[caption id="attachment_7247" align="alignleft" width="300" caption="Hayes Carll's devotion to the songwriter's art entails contemplating sex with Ann Coulter if necessary."][/caption] I'm a big fan of Austin singer-songwriter Hayes Carll, whose work I have written about before. I talked to him last week for Washingtonian; you can read that here. In honor of his appearance at the Birchmere tonight, I'd like to share a question I asked him when last I interviewed him, in June of this year. I wasn't able to use what he said in the piece I wrote then, so here it is now for you enjoyment and/or edification. Take it away, Me. You don’t speak with a pronounced Texas drawl, but you really let that out in some of your songs. How conscious are you of that? Did anyone earlier in your career maybe advise you to dial that up or down?
It’s not something I think about when I’m singing. When I started out, it was a fairly natural thing, because a lot of the music I listened to had that in it. My singing voice and my talking voice are sometimes different things. I grew up on country music. I had a lot of other influences behind that, but that was the musical backdrop to my childhood and my teenage years. When I started singing and trying to find my own voice, the guys I listened to were Prine and Dylan and Kristofferson; guys were never going to be known for their smooth vocal delivery, but what I loved about them was they had character. They had personality and experience in their voices.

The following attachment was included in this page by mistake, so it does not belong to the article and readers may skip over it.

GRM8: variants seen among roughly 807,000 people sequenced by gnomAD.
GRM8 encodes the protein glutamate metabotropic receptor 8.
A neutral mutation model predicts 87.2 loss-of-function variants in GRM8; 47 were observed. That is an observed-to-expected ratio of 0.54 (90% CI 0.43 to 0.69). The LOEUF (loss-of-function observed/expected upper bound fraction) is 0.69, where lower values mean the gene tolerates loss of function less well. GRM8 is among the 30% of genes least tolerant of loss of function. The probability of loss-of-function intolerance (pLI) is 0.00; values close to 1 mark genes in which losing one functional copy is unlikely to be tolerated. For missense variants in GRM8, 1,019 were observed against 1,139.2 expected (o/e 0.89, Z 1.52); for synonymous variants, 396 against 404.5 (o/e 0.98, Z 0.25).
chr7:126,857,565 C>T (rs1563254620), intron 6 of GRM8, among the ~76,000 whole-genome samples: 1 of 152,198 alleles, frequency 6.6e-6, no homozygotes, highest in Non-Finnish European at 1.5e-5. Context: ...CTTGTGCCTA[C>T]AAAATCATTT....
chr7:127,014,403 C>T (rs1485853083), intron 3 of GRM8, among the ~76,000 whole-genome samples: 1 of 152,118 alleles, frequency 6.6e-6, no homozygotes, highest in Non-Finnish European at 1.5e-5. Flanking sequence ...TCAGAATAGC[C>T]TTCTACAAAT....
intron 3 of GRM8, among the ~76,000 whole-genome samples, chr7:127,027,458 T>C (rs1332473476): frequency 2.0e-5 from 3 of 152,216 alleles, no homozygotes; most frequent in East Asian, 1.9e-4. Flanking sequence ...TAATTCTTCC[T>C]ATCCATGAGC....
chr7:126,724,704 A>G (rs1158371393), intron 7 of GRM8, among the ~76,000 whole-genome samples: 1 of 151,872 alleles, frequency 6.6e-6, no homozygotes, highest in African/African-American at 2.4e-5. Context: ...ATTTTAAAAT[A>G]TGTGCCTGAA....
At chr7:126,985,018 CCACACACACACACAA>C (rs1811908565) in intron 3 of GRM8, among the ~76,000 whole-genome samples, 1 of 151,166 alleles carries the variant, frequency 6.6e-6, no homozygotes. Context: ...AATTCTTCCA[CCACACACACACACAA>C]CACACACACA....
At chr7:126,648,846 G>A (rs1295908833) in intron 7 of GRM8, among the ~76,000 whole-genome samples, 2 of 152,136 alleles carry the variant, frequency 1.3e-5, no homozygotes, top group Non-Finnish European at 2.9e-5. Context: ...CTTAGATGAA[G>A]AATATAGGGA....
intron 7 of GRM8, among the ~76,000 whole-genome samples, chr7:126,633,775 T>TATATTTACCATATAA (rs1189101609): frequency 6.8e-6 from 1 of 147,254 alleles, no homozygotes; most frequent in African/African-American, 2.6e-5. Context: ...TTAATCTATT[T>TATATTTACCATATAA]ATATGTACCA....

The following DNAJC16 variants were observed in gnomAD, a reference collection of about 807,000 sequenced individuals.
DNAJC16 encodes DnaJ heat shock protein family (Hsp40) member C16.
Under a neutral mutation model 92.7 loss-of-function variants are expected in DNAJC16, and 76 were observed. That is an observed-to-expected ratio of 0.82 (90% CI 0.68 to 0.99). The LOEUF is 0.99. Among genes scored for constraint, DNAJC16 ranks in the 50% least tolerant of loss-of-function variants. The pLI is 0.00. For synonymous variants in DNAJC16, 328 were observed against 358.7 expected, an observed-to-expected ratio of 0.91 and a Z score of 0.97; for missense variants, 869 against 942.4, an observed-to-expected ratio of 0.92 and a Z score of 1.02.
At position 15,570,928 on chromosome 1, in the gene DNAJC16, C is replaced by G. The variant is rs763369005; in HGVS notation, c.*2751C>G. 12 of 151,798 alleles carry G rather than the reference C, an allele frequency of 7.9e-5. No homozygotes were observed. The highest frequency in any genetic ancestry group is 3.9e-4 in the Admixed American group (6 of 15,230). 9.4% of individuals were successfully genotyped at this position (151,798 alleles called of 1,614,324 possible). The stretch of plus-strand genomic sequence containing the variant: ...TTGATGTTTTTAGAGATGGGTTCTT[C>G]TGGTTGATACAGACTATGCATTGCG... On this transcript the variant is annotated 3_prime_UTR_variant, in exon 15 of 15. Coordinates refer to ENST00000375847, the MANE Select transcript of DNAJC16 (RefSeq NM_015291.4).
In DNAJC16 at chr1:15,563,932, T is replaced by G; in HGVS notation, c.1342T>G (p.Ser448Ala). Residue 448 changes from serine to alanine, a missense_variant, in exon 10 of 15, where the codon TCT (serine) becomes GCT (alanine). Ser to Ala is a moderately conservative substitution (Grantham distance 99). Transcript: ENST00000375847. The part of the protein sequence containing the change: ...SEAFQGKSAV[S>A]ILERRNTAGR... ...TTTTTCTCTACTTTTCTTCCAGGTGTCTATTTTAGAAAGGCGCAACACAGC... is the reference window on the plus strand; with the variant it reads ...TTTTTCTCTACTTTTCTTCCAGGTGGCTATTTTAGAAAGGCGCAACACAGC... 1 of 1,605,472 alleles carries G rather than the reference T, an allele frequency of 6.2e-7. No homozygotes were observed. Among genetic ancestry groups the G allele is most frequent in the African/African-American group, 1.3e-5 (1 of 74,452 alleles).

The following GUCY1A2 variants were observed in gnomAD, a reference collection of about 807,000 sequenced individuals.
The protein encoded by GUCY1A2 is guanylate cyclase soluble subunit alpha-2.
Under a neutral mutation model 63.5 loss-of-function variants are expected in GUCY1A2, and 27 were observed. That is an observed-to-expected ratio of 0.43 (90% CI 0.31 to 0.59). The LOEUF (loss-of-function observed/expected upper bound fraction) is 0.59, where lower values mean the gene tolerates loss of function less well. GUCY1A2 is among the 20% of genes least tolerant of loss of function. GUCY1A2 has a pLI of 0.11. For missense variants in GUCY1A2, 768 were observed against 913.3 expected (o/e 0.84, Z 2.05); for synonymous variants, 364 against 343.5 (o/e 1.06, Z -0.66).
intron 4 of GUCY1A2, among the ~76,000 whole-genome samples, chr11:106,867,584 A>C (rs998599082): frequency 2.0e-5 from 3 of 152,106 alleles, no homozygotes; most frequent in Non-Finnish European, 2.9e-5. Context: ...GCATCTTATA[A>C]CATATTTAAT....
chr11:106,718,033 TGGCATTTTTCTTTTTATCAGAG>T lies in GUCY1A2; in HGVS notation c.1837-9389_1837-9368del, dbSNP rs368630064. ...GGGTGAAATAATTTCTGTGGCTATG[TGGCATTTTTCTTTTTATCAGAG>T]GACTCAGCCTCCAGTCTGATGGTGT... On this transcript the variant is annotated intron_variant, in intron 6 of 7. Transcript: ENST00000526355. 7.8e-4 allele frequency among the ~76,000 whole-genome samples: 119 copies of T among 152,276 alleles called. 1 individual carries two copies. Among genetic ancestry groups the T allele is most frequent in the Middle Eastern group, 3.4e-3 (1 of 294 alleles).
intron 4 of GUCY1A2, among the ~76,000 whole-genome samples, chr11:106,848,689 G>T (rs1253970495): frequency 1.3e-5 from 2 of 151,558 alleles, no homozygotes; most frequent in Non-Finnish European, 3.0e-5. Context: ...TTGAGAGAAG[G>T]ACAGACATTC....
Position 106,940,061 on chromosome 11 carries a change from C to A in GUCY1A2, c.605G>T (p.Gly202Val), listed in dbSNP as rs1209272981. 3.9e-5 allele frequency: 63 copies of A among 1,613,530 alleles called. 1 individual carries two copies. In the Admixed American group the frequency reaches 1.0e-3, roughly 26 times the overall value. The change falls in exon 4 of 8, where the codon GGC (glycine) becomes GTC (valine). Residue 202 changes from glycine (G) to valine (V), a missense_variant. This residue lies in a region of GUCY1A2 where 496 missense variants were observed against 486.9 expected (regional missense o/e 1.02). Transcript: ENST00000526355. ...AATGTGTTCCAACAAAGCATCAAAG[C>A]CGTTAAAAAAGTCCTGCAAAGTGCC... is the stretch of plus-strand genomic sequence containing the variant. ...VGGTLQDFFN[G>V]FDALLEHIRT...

Early on, I made a conscious effort to sound older and grittier than I was, because at 21, I did not sound like that. Long-term, that may be to my detriment, because there was a lot of cigarettes and booze and all-night screaming sessions that went into making my voice what it is. But it’s not like I’m doing an Irish accent or something that’s not me. I’m a sixth-generation Texan. It just kind of comes out naturally when I sing.